03 November 2010

Volume of a snail shell

A subject high in my list of current interests is the measurement and the biological applications of the volumes of snail shells. Recent relevant posts are here and here.

The volume of a shell is a direct indicator of the amount of space the occupant snail requires. For that reason, I consider it a biologically significant property. However, shell volume is rarely used in research, probably because there is no easy way to measure it. One method that immediately comes to mind is to fill a shell with water and then to determine the volume of the water, preferably by weighing the shell before and after. However, this is easier said than done, because air tends to get trapped in the apexes of shells, which makes it very difficult to fill them completely with water. That's why empty snail shells float in water. Moreover, many field-collected shells have debris trapped in them, which also prevents them from getting filled completely. And because most adult shells are opaque, one can't see if a shell is clean or filled completely.

Here is a rare example of the use of shell volumes from the literature (Kemp and Bertnes, 1984).

This graph shows the relationship between shell volumes and shell lengths in 2 morphs of the intertidal snail Littorina littorea. The authors state that shell volumes were determined by "measuring the water holding volume" without additional details.

From general geometric considerations, volumes of snail shells (V) are expected to follow a power law in the form, V=cL3, where c is a constant and L is a linear shell dimension (for a relevant discussion see, Schmidt-Nielsen, 1984). If you take the logarithm of both sides of that equation, you'll get, logV=logc+3logL. In the graph above, the equation for line C was logV=-4.04+3.09logL. The equation for line E was similar.

Schmidt-Nielsen, K. 1984. Scaling: Why is animal size so important? Cambridge University Press.
Paul Kemp & Mark D. Bertnes. 1984. Snail shape and growth rates: Evidence for plastic shell allometry in
Littorina littorea. Proc. Natl. Acad. Sci. USA. 81:811–813.


MK said...

Here's another paper that uses shell volume for some ecological pattern study:


Fred Schueler said...

Maybe the thing to do is to draw some heated glass tubing down to the dimensions of the shells you're working with, and as twisty as possible, and see how your methods of filling shells with water work on the glass surrogates.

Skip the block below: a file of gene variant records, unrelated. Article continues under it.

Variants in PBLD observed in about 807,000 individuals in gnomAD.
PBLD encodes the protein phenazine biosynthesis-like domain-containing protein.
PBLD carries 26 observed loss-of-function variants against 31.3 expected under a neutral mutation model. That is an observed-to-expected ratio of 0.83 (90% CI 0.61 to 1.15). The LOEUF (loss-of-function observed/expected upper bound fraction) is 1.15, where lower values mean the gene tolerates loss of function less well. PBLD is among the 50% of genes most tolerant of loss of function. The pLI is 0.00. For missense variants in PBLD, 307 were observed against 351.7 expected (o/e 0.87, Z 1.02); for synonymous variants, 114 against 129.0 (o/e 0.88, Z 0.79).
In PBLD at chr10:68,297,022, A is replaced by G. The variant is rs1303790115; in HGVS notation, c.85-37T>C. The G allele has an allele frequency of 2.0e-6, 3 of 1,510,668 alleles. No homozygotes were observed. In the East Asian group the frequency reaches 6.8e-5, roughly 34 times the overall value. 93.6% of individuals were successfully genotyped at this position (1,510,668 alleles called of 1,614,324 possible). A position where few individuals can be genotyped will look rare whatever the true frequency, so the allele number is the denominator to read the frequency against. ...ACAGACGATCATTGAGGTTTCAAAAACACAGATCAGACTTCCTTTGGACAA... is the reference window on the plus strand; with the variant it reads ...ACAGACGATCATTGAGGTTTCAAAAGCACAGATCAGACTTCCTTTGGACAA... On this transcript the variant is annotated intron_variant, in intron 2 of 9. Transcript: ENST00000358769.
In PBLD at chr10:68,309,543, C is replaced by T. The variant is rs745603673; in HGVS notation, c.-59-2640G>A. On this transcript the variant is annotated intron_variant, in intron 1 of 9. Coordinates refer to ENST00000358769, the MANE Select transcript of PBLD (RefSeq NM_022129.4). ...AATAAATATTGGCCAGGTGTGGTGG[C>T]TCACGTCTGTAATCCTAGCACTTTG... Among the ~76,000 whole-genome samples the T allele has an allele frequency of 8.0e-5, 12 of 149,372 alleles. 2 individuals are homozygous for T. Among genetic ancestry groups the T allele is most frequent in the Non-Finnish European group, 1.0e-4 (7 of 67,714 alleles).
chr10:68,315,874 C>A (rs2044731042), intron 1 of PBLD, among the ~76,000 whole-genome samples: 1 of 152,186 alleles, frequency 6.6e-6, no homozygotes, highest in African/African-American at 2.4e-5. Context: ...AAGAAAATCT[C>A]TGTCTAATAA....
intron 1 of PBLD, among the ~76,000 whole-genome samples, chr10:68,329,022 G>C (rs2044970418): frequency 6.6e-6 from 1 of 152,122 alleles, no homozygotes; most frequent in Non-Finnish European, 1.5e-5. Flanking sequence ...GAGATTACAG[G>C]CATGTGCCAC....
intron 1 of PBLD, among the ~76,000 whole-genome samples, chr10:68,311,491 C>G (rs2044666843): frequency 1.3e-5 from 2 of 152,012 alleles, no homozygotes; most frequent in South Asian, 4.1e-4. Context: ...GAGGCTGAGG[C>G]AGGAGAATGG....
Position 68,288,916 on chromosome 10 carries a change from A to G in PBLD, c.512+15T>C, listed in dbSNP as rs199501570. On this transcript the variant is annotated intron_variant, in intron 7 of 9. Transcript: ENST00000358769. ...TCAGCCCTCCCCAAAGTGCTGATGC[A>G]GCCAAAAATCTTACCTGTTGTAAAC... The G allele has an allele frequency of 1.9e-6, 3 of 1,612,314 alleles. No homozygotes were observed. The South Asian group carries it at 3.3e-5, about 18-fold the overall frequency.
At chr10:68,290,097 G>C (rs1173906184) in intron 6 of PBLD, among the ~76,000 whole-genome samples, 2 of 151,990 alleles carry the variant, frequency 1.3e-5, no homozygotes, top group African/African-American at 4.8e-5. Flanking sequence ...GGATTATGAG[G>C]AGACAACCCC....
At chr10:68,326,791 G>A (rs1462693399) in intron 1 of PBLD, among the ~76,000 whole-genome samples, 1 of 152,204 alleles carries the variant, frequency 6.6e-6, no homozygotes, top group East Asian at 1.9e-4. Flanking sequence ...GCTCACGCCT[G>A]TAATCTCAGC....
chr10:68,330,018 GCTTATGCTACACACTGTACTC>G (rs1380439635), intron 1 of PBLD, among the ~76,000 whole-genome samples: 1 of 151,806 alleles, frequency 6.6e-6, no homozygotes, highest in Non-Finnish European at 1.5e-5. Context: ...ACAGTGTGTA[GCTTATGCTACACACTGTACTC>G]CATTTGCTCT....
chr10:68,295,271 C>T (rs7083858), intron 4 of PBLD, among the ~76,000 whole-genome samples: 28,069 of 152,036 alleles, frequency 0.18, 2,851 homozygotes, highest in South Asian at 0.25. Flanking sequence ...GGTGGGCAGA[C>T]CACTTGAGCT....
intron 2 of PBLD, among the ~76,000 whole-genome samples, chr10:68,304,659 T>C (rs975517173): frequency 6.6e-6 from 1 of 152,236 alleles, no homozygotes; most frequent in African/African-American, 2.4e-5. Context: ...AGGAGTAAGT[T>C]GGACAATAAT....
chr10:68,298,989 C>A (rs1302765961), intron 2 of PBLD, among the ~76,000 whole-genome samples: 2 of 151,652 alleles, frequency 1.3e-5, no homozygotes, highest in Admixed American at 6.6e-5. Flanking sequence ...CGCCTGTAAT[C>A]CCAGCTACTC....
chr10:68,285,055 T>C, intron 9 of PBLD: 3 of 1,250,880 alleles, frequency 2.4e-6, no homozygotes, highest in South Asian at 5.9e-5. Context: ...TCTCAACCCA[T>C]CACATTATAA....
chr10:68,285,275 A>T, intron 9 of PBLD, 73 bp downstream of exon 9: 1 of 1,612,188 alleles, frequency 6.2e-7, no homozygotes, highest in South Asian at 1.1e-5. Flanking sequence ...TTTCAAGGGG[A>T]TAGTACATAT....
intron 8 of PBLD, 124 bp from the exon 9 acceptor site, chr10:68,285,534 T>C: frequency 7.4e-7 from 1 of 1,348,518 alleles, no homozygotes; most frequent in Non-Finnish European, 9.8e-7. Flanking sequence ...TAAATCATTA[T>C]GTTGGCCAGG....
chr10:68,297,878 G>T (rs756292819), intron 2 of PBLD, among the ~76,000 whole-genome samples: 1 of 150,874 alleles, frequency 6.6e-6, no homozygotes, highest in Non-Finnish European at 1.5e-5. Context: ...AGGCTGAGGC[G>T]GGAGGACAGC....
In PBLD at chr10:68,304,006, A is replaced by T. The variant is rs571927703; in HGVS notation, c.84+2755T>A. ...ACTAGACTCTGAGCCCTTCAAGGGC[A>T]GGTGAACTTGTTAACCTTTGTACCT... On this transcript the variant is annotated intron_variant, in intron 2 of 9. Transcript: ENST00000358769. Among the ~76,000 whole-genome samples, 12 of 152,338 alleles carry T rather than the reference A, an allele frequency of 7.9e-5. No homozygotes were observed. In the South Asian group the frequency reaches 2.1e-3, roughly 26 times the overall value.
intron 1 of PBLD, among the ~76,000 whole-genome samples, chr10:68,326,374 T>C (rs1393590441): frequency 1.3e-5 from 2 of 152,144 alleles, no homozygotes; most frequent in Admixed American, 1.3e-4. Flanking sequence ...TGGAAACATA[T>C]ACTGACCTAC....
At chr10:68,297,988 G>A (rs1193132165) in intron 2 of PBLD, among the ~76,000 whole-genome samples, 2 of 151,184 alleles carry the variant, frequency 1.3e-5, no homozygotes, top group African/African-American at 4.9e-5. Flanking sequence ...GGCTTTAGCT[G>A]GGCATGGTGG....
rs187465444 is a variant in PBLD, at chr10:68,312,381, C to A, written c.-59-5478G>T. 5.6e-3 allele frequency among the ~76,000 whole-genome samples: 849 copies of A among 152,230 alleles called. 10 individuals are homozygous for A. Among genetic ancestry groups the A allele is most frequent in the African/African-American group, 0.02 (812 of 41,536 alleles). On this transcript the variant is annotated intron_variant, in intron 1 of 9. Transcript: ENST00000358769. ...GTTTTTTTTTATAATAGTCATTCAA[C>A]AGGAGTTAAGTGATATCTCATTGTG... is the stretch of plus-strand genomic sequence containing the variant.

As for methods, I'd put the shells in water and than draw a vacuum above the water to draw the air out, and release the vacuum to let the water in. Or you could boil the shells and get the same effect.

I've contemplated both of these for sinking the shells in drift, while leaving the vegetable debris floating.

Anonymous said...

Two suggestions that may be easier to apply than earplugs: pour melted wax into the shell until it is overflowing, after it cools just scrape off the extra. If you want to remove it, just heat the shell up and it will drip out. You can also try expanding foam insulation, I tested it on a shell here and it seems to work fine, but it isn't removable.

Anonymous said...

Up here in North Carolina, we use sand (sieved until uniform). Fill up the shell, level the sand at the aperture, then pour out and weigh. Of course, you'll have to weigh different amounts of sand to figure out the conversions.

Nick D Waters said...

Inspecting various species, shell morphology does not seem to be taken into account on how volume is calculated.

Shells of Sonorella, Eremarionta, and Maricopella (Sonoran Desert, Arizona), my thoughts are to calculate the volume using the standard cone formula, and then deduct a certain propertion, say 10%, by use of a second cone to arrive at a more conservative estimate.

Growth of their shells proceeds on a moderately depressed form to ~4 whorls, but the aperture growth is incomplete. Looking directly into the aperture, the growth is more akin to "c" rather than "o".

Hope I make sense. I'd appreciate feedback.